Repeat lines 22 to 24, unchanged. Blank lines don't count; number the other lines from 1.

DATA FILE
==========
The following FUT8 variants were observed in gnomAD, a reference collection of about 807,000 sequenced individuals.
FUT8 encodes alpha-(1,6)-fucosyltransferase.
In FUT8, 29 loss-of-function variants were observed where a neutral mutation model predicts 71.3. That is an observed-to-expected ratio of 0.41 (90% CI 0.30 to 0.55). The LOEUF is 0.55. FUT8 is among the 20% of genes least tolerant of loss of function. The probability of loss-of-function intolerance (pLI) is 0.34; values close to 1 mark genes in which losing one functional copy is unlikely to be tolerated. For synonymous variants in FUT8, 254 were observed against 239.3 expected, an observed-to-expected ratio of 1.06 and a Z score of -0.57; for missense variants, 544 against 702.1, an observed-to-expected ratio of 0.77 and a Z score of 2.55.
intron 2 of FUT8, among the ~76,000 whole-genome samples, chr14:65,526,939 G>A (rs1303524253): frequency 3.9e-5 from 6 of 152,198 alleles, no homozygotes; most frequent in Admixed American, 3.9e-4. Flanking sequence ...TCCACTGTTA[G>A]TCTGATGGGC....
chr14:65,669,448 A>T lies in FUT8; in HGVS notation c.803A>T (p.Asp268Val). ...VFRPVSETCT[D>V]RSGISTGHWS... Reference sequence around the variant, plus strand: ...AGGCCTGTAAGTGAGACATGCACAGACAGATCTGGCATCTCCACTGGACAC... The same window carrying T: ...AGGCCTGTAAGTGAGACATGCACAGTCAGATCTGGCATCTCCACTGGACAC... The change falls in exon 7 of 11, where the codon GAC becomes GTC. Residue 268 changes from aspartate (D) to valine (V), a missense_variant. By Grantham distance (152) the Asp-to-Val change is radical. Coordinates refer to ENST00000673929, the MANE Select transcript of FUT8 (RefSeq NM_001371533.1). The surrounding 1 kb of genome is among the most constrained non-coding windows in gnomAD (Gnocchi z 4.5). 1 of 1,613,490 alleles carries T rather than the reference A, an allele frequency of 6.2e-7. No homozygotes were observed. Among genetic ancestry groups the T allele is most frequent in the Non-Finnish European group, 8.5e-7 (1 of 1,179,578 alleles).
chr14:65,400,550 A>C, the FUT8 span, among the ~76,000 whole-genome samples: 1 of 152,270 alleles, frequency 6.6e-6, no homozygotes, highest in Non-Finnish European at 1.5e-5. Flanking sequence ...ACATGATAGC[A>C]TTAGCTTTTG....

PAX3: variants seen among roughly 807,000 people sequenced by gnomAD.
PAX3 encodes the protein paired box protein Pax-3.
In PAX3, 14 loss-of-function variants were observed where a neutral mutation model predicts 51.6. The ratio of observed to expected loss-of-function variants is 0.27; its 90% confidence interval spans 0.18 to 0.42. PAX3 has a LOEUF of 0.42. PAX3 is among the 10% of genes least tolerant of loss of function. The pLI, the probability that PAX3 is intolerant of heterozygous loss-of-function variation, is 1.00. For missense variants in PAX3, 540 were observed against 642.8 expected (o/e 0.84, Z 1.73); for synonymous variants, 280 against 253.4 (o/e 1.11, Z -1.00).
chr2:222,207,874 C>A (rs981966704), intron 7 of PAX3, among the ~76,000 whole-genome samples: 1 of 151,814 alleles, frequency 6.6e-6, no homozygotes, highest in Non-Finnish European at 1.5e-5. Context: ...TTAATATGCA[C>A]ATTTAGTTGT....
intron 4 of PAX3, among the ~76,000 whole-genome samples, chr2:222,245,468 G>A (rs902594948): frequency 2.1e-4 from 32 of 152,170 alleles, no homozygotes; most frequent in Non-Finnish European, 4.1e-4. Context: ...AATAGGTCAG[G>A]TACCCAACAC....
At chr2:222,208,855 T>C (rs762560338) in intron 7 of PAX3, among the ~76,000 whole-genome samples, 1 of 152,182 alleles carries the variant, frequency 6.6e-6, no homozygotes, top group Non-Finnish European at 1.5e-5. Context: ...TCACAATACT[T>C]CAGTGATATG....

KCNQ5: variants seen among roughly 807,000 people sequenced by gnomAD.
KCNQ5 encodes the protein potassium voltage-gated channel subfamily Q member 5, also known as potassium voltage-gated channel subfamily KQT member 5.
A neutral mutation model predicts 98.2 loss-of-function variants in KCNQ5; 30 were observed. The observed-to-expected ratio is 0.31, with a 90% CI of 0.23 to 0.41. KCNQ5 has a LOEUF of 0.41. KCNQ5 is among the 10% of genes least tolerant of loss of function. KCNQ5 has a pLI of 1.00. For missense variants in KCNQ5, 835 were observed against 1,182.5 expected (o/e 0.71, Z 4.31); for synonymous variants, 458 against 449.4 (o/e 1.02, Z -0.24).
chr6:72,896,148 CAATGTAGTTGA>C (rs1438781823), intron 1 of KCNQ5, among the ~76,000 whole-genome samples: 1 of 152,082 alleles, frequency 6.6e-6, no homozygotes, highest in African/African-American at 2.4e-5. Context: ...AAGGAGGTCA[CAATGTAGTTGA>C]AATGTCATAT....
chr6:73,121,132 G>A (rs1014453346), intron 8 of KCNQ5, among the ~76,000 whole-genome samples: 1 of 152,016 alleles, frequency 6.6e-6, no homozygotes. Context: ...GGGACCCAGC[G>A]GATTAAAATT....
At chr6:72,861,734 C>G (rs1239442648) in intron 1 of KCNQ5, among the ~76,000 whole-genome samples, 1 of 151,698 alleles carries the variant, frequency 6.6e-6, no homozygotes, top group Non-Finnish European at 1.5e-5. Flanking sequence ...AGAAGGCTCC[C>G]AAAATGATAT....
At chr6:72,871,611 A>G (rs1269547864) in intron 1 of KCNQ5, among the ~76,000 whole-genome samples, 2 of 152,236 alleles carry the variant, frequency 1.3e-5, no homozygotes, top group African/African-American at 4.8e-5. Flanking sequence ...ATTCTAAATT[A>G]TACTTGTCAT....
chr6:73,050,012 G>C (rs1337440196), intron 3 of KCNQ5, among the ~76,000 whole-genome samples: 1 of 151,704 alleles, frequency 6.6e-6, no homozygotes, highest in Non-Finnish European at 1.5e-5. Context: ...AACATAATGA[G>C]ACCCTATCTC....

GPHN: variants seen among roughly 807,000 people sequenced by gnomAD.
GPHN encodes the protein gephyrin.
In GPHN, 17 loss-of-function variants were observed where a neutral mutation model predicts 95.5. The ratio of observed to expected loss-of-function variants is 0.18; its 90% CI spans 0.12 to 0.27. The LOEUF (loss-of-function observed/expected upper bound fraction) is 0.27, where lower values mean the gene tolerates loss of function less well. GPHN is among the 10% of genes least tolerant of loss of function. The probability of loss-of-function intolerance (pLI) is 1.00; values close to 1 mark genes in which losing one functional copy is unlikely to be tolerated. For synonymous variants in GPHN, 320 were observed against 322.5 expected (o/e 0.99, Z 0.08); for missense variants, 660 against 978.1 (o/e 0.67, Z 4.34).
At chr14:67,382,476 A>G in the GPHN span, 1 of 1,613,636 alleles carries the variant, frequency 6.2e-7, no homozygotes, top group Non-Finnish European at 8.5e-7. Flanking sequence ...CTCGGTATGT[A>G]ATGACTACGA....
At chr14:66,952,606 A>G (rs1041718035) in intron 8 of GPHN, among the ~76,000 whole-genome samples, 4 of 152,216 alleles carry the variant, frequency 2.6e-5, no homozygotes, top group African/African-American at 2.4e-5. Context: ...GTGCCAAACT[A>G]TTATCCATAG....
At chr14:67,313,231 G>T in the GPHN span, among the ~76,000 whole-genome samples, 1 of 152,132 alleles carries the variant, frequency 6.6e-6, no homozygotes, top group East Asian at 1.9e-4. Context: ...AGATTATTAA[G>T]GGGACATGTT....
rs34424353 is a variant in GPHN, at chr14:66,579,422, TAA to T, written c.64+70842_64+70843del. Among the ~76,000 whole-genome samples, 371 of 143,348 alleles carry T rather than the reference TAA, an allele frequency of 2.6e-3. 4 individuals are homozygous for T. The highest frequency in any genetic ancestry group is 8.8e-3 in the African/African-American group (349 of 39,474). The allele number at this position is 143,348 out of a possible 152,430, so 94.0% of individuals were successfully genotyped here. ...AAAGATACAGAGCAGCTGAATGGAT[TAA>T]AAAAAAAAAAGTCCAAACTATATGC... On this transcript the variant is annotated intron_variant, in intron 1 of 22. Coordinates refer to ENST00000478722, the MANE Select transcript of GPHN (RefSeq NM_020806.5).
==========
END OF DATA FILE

GPHN encodes the protein gephyrin.
In GPHN, 17 loss-of-function variants were observed where a neutral mutation model predicts 95.5. The ratio of observed to expected loss-of-function variants is 0.18; its 90% CI spans 0.12 to 0.27. The LOEUF (loss-of-function observed/expected upper bound fraction) is 0.27, where lower values mean the gene tolerates loss of function less well. GPHN is among the 10% of genes least tolerant of loss of function. The probability of loss-of-function intolerance (pLI) is 1.00; values close to 1 mark genes in which losing one functional copy is unlikely to be tolerated. For synonymous variants in GPHN, 320 were observed against 322.5 expected (o/e 0.99, Z 0.08); for missense variants, 660 against 978.1 (o/e 0.67, Z 4.34).
At chr14:67,382,476 A>G in the GPHN span, 1 of 1,613,636 alleles carries the variant, frequency 6.2e-7, no homozygotes, top group Non-Finnish European at 8.5e-7. Flanking sequence ...CTCGGTATGT[A>G]ATGACTACGA....